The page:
Method of Award
• Checkbox in gradebook for each badge
simplifies the process
Viewing Badges
• Badges can be found from the course
menu, like other important course
information.
Viewing Badges
• Click a badge to see how it was earned
Current Courses: The Goals
• Improve:
– Motivation
– Engagement
– Academic Performance

• Identify:
– Can number of achiev...
Badging Observations
• Each stakeholder determines value
o Issuer, Earner, “Observer,” (Displayer)

• Potential value in e...
Unanswered Questions to Ponder
• Why do badges appeal to some but not
others?
• Does badging really engage the unengaged?
...
Toward a Taxonomy for Badge Design
•
•
•
•
•
•
•
•
•
•
•
•
•
•
•

Subject (e.g., information literacy; educational tech; i...
Thank You!
• Rudy McDaniel,
rudy@ucf.edu,
@rutang5
• Joey Fanfarelli,
joseph.fanfarelli
@ucf.edu
• Kelvin Thompson,
kelvin...
Stinkin' Badges: Why We Need 'Em and How to Use 'Em
Stinkin' Badges: Why We Need 'Em and How to Use 'Em
Stinkin' Badges: Why We Need 'Em and How to Use 'Em
Stinkin' Badges: Why We Need 'Em and How to Use 'Em
Stinkin' Badges: Why We Need 'Em and How to Use 'Em
Stinkin' Badges: Why We Need 'Em and How to Use 'Em
Stinkin' Badges: Why We Need 'Em and How to Use 'Em
Stinkin' Badges: Why We Need 'Em and How to Use 'Em
Stinkin' Badges: Why We Need 'Em and How to Use 'Em
Stinkin' Badges: Why We Need 'Em and How to Use 'Em
Stinkin' Badges: Why We Need 'Em and How to Use 'Em
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Stinkin' Badges: Why We Need 'Em and How to Use 'Em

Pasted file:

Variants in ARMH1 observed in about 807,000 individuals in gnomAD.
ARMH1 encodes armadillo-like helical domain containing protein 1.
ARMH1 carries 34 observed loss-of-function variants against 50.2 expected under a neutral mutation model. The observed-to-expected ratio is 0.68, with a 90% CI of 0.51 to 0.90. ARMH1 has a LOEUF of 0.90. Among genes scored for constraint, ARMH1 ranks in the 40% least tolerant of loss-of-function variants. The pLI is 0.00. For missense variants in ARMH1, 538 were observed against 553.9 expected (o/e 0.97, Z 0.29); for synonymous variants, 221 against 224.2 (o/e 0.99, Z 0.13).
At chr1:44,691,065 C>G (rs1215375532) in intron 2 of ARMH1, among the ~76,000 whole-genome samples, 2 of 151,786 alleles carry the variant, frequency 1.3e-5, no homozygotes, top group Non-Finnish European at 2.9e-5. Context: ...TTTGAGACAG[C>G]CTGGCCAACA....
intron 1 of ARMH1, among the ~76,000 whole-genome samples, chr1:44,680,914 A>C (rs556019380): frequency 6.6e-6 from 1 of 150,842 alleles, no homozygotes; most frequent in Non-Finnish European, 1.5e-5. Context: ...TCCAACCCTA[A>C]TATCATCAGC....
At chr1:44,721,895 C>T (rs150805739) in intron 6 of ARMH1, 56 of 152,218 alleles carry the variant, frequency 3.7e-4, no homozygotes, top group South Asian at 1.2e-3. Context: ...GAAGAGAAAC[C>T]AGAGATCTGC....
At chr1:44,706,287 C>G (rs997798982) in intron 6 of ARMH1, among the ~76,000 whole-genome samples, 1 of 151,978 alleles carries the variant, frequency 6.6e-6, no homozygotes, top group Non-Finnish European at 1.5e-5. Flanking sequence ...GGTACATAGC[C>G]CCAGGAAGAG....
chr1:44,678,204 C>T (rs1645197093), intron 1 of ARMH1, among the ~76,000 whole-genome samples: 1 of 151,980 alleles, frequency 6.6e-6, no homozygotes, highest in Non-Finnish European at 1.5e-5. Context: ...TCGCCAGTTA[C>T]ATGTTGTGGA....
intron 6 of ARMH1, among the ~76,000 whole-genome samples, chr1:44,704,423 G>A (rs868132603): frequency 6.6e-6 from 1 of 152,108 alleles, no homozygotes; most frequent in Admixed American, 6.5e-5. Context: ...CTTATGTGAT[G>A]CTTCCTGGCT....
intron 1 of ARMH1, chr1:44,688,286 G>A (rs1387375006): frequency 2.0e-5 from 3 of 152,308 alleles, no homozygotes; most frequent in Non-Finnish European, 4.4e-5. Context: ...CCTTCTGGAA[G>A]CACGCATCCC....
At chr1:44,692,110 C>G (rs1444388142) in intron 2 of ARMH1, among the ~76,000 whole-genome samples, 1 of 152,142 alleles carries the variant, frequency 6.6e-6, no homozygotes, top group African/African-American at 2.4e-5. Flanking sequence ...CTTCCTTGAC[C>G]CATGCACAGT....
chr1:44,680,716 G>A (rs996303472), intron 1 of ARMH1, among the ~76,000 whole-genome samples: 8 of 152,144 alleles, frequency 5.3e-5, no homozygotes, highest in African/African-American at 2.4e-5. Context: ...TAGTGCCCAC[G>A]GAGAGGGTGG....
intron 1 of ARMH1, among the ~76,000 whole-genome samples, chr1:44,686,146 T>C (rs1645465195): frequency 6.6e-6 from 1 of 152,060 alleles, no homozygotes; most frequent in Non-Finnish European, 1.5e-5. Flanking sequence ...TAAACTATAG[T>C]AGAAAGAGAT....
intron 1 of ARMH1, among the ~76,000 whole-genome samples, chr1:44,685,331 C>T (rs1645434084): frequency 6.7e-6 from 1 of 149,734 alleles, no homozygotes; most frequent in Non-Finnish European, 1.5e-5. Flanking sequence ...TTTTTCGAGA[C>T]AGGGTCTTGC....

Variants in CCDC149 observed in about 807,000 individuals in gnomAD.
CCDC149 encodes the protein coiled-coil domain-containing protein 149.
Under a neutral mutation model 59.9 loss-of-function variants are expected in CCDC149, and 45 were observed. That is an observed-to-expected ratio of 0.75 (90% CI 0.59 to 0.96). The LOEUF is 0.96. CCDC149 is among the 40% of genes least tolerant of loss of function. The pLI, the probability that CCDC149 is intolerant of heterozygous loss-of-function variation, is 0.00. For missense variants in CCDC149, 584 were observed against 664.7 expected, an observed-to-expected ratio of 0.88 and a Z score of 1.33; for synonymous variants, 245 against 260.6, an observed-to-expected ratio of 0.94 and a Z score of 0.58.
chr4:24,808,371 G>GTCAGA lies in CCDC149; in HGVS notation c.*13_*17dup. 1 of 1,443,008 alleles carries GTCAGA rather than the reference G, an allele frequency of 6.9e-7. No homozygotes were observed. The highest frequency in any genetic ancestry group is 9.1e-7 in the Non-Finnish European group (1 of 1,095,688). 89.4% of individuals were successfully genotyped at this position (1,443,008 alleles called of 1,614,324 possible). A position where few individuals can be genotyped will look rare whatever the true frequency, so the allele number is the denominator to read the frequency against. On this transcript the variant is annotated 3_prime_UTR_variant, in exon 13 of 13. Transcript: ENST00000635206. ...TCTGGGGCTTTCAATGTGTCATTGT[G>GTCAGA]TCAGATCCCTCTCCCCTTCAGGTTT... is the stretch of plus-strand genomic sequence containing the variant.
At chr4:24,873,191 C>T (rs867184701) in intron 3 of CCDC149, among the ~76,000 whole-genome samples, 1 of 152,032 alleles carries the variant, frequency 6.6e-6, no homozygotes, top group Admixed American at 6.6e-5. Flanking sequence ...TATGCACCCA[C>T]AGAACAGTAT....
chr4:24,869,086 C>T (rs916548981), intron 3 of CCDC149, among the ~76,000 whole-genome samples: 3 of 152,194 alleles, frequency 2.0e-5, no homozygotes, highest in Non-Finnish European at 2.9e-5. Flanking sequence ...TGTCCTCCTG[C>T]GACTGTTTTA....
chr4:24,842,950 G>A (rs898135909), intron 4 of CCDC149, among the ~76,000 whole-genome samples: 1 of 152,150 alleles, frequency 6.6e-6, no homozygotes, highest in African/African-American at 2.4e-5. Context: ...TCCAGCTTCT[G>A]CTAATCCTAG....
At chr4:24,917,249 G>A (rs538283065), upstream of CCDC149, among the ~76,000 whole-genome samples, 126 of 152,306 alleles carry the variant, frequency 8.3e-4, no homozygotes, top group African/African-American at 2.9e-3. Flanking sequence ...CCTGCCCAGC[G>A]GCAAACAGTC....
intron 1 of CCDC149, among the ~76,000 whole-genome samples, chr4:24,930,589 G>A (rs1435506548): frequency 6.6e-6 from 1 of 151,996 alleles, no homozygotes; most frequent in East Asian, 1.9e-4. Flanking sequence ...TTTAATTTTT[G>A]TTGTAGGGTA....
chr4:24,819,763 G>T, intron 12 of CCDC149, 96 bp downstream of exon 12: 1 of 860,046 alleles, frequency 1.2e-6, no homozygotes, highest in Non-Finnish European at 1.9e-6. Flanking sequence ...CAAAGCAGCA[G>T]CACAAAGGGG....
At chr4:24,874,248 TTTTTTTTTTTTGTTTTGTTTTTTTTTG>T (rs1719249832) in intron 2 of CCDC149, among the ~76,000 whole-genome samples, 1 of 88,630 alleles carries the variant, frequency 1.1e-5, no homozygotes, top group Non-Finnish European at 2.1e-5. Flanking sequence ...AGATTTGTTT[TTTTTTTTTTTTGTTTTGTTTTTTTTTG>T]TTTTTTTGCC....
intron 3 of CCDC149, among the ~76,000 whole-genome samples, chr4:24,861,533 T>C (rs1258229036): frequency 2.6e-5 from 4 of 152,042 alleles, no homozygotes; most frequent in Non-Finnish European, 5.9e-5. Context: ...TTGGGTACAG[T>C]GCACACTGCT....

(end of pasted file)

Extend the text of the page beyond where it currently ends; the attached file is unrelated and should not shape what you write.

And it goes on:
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Listen to session audio while manually viewing slides at: http://ofcoursesonline.com/?p=408. Presentation w/ Rudy McDaniel and Joseph Fanfarelli at 2014 Information Fluency Conference.

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Stinkin' Badges: Why We Need 'Em and How to Use 'Em

  1. 1. Stinking Badges: Why We Need Em’ and How to Use Em’ Rudy McDaniel, Joseph Fanfarelli, and Kelvin Thompson Information Fluency Conference University of Central Florida February 27, 2014
  2. 2. Outline • • • • Overview Four Quick Case Studies of Badging Projects Toward a Badge Design Taxonomy Discussion / Q&A • Note: these slides can be downloaded from: http://goo.gl/ezz3DV or http://tinyurl.com/badgesrock
  3. 3. Achievements and Badges • Achievements, or earned tokens of accomplishment, often encourage players to spend more time within digital systems (esp. videogames) and to alter their playing habits in order to unlock particular types of challenges (e.g., find every coin in a given area or unlock a particular puzzle within a certain amount of time). • Badges, or visible markers of achievement, have now made the transition from entertainment media to other forms of scholarship and pedagogy, particularly in online learning environments (Jindal, 2011; Bruckman, 2004; Lindgren & McDaniel, 2011; Lindgren, McDaniel, & Friskics, 2011).